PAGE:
- The Washington Times - Tuesday, November 11, 2008

Danny Green was an hour into an interview session in an Atlanta hotel last month when the matter of North Carolina’s unquestioned role as college basketball’s preseason favorite came up - again.

“Expectations,” the Tar Heels swingman said. “A new one.”

Amid the ensuing laughs, a point was made. There isn’t anything inherently different for North Carolina this season. For everyone else, the conventional wisdom concerning the march to March is that the contenders fall into two categories.

There’s North Carolina. And then there’s everybody else.

“And deservedly so,” Georgia Tech coach Paul Hewitt said.

That sort of unanimity stems from the return of five starters who plowed their way to the Final Four before enduring a first-half burial against eventual national champion Kansas. The same group of players saw their title dreams dashed a year earlier with an Elite Eight collapse against Georgetown.

More specifically, it is rooted in the presence of center Tyler Hansbrough, arguably the best player in more than a generation to dominate the college game and then return the next year. LSU’s Shaquille O’Neal (1991) is the last AP player of the year to come back for another go-round.

Guards Wayne Ellington and Ty Lawson remain in Chapel Hill, as does Green. All three took a peek at the NBA. All three demurred, deferring pro careers for a year to improve. And for another chance at a title that vanished with that 84-66 loss in San Antonio.

“When they all decided to come back, I said, ‘If you think we’re going to focus the offense on you and get you 35 shots a game, don’t come back,’” coach Roy Williams said. “It’s a pretty easy deal. If you want to come back and be part of a great team and try to help the team, come on back and do that.”

But it can’t be quite that easy - as the Tar Heels already are discovering. Senior forward Marcus Ginyard, arguably Carolina’s best defensive player, is out until next month after surgery to correct a stress fracture in his left foot. Much more ominous news arrived in late October, when Hansbrough was diagnosed with a stress reaction in his right shin.

With Ginyard and Hansbrough, the projections of a surefire national champion would make more sense. As both watch from the bench for the time being, perhaps the short-term projections are reduced.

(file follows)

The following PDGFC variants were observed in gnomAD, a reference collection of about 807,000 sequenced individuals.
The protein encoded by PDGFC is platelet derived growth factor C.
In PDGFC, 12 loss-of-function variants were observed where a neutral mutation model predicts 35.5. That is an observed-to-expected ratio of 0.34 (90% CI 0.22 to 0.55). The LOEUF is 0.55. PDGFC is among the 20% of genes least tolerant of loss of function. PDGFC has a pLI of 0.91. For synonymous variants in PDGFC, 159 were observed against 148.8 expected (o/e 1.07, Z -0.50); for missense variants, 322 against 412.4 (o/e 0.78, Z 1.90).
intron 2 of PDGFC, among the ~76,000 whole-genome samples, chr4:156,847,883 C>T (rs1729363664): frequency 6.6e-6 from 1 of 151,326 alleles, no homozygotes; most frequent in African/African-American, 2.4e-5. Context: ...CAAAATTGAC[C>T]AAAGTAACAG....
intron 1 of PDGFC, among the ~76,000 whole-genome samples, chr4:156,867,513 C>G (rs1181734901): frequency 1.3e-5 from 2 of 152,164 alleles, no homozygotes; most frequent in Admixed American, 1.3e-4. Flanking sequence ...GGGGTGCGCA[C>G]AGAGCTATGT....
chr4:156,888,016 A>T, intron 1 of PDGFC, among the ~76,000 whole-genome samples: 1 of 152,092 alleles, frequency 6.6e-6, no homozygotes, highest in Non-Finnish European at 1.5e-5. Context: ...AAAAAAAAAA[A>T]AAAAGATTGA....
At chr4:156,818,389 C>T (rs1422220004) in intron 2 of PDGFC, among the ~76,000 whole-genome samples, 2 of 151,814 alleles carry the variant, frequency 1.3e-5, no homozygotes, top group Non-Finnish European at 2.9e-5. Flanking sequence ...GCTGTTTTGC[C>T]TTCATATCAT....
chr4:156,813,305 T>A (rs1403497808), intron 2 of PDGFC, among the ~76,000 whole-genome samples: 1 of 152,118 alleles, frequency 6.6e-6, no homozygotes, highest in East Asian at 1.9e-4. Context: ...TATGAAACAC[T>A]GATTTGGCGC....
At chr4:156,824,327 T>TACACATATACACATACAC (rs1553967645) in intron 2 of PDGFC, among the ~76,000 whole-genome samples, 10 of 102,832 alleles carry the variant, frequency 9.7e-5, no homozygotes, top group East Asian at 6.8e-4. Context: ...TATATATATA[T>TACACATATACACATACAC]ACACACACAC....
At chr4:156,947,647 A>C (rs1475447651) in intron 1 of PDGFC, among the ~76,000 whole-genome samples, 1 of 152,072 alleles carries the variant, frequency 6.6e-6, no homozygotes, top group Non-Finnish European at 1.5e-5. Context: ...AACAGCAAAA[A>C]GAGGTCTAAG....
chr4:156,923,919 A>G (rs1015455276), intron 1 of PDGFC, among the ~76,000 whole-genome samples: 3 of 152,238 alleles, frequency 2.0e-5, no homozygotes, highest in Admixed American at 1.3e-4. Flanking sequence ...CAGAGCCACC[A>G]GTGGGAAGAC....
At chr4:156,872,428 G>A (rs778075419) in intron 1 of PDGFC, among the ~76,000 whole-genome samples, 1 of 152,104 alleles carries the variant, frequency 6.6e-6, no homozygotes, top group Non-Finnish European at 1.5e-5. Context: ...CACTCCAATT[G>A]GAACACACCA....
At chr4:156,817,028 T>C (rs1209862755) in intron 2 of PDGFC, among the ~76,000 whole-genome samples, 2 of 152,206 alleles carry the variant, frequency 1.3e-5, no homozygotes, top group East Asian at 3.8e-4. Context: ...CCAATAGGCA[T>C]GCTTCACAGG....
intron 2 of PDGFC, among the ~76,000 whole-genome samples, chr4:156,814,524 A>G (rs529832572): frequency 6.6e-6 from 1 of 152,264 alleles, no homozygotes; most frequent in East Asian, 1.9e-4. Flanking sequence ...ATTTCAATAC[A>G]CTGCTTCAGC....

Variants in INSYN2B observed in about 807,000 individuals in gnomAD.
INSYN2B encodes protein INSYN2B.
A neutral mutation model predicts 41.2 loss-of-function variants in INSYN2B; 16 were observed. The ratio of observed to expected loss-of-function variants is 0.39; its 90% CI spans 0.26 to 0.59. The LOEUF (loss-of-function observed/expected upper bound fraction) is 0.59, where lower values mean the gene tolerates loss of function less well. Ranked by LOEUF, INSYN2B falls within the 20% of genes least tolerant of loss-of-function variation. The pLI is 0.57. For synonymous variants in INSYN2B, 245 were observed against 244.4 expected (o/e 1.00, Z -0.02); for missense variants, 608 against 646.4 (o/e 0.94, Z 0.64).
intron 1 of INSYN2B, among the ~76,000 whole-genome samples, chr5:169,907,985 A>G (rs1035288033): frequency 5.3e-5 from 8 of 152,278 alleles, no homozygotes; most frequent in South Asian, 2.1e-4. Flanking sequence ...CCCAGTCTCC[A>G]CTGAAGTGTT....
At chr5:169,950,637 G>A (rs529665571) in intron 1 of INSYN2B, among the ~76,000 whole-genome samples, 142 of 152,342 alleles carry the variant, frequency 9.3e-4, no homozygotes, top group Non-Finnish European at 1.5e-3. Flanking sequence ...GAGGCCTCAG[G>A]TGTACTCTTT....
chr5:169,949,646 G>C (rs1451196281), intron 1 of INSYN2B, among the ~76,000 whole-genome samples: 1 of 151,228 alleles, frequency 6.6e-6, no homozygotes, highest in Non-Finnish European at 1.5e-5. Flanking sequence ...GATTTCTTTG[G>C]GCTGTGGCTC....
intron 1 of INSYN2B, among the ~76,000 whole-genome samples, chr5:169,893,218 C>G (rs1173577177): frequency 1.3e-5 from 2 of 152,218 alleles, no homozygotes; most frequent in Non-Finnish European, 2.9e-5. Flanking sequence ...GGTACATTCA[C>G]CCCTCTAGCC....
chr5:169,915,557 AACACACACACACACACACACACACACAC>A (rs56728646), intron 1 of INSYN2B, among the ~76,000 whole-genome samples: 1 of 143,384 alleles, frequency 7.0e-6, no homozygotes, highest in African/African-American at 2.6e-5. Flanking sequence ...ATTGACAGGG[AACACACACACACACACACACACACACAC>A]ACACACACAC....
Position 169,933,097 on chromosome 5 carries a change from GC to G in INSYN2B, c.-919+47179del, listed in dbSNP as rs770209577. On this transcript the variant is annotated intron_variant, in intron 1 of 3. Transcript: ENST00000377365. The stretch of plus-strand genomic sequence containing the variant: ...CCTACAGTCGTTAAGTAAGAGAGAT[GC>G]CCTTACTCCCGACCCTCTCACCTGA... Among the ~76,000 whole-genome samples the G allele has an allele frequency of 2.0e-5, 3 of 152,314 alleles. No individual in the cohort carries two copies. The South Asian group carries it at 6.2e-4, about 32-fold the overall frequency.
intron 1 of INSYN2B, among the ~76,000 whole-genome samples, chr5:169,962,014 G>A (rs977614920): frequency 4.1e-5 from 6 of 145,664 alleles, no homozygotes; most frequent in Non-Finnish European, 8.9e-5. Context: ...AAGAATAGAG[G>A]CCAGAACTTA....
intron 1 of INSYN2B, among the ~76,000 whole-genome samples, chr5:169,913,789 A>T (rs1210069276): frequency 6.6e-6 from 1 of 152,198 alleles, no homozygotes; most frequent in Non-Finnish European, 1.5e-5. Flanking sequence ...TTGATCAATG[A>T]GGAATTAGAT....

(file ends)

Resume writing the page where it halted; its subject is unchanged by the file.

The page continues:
Probably not by much.

“It just comes with the territory, being at North Carolina,” Green said. “We’re a big school, a big name and we have a target on our chest every year, and we’re expected to do big things every year. High expectations come with that.”

Rarely, though, do they come with such agreement. Even when Florida returned its entire championship starting lineup two years ago, Kansas and North Carolina were seen as possible spoilers for the Gators. Instead, Florida won another title.

Then Kansas secured its championship last season. The Jayhawks, as well as fellow Final Four participants Memphis and UCLA, were gutted in the offseason. Seniors completed their careers, and all three schools lost at least two underclassmen to the NBA Draft.

The Tar Heels’ biggest losses were reserve forward Alex Stepheson and backup point guard Quentin Thomas. Williams attracted a typically strong recruiting class.

The byproduct of the Tar Heels’ talent and uncertainty everywhere else is perhaps the surest thing to hit the game since five of the top six scorers on Duke’s 1991 national title team stuck around. The next year, the Blue Devils were a wire-to-wire No. 1 team and won another championship.

History - be it the comparisons to great teams of the past or just North Carolina’s postseason runs of the past few years - don’t mean much to the Tar Heels. It’s probably a wise approach, lest the cacophony of outside voices overwhelm preparation for Saturday’s opener against Pennsylvania and everything beyond it.

“I think we’re very good at worrying about ourselves and what we have to do as a team,” Ellington said.

This season, it means navigating a landscape in which a title surge is assumed, not just anticipated. And it means opponents will savor a rare victory against the redoubtable Tar Heels even more.

Green insisted a year without a title would not constitute failure. Yet it’s an idea with enough traction that Williams is already attempting to quash it.

“I’m not going to put myself in the boat that we have to do this,” he said. “If we don’t win a national championship and all of the sudden I’m laying on the concrete outside the Smith Center, don’t think I jumped.

“Somebody pushed me, but I did not jump.”

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